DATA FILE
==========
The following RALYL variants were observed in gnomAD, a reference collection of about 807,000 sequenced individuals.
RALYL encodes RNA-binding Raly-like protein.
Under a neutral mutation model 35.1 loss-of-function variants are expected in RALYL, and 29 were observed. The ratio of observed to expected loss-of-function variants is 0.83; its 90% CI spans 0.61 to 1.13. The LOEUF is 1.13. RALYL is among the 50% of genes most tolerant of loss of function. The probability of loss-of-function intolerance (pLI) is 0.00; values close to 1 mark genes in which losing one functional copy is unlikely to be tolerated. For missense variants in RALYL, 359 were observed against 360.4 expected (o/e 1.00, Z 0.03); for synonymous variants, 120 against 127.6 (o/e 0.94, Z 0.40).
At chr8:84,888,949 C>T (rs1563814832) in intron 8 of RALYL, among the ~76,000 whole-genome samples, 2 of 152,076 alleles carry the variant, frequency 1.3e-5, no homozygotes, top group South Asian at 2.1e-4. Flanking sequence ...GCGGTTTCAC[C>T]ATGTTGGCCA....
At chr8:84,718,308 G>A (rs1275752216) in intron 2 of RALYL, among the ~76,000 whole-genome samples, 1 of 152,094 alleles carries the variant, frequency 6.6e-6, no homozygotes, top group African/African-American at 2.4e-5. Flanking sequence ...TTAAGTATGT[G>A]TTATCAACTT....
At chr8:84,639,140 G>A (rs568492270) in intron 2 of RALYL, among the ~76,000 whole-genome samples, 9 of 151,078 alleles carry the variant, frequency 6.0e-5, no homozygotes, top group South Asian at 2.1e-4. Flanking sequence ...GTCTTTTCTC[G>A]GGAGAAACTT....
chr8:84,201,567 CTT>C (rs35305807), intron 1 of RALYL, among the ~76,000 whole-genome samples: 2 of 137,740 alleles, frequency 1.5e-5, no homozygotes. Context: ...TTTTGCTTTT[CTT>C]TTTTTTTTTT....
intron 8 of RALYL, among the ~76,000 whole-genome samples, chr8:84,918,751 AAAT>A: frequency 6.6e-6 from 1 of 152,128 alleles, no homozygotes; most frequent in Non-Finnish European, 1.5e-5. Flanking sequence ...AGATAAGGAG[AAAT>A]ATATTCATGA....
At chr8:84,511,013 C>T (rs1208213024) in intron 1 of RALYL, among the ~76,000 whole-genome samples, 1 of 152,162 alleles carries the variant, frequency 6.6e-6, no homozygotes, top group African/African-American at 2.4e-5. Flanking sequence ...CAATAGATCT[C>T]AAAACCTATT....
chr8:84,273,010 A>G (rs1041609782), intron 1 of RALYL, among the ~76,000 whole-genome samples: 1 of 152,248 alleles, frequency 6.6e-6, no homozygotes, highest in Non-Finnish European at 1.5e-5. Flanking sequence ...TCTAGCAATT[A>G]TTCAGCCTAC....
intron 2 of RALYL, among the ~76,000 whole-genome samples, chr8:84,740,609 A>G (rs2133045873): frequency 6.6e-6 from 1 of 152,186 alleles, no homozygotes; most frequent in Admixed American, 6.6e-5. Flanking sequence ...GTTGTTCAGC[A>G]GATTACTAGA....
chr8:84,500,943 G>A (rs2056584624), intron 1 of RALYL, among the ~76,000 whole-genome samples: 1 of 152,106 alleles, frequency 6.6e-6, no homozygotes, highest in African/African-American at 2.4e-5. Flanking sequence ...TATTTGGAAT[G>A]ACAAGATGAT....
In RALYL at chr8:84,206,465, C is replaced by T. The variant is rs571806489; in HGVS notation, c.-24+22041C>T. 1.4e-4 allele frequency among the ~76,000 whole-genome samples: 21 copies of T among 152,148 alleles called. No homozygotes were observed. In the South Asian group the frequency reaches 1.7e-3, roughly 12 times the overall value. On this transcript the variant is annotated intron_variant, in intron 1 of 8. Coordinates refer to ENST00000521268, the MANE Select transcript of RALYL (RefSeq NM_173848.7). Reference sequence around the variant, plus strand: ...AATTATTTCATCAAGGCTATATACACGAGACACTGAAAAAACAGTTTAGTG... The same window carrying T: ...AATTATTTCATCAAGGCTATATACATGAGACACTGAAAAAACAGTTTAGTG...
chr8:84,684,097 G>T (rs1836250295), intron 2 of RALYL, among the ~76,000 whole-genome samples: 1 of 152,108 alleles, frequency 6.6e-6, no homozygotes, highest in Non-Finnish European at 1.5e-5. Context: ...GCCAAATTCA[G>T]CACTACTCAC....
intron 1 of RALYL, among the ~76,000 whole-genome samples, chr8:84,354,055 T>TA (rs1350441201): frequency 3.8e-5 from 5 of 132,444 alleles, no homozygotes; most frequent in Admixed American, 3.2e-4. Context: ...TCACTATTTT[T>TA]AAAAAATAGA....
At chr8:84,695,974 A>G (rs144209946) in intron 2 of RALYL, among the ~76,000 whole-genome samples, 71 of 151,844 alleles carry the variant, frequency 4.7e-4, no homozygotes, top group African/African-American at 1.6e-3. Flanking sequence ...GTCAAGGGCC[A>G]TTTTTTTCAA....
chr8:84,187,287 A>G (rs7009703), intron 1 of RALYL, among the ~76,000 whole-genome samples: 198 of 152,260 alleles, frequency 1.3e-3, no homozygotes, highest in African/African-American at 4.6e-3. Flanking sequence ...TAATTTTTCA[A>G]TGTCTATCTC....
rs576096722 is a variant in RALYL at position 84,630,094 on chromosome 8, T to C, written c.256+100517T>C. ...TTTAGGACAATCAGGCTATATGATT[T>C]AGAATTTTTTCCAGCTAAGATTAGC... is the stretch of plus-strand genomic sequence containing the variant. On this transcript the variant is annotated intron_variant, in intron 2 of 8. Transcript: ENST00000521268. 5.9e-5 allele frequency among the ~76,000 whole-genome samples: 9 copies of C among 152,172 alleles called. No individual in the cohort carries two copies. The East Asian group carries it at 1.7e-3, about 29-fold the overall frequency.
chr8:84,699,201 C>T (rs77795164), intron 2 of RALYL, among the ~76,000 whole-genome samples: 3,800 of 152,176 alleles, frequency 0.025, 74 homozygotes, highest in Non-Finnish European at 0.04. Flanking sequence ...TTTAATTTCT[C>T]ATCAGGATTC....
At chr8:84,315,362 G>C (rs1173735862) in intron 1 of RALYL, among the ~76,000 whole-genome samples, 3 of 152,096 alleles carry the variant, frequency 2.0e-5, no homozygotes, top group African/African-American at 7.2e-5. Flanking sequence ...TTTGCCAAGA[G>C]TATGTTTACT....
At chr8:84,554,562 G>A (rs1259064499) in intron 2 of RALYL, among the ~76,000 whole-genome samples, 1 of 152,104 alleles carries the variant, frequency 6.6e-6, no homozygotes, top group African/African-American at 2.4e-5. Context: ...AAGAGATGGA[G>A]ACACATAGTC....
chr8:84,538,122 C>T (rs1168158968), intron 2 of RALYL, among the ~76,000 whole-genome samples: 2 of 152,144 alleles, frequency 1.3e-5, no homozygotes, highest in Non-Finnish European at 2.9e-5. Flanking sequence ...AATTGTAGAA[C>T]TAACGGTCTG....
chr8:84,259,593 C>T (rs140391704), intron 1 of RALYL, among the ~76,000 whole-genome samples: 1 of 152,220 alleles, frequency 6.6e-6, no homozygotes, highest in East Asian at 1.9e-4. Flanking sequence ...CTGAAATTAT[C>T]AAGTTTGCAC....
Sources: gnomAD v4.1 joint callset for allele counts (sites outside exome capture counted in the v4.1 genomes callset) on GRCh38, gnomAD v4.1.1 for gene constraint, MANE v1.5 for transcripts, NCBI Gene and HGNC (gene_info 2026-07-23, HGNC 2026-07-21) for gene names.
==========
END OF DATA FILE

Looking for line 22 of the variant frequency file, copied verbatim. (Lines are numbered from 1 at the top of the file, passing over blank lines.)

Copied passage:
chr8:84,538,122 C>T (rs1168158968), intron 2 of RALYL, among the ~76,000 whole-genome samples: 2 of 152,144 alleles, frequency 1.3e-5, no homozygotes, highest in Non-Finnish European at 2.9e-5. Flanking sequence ...AATTGTAGAA[C>T]TAACGGTCTG....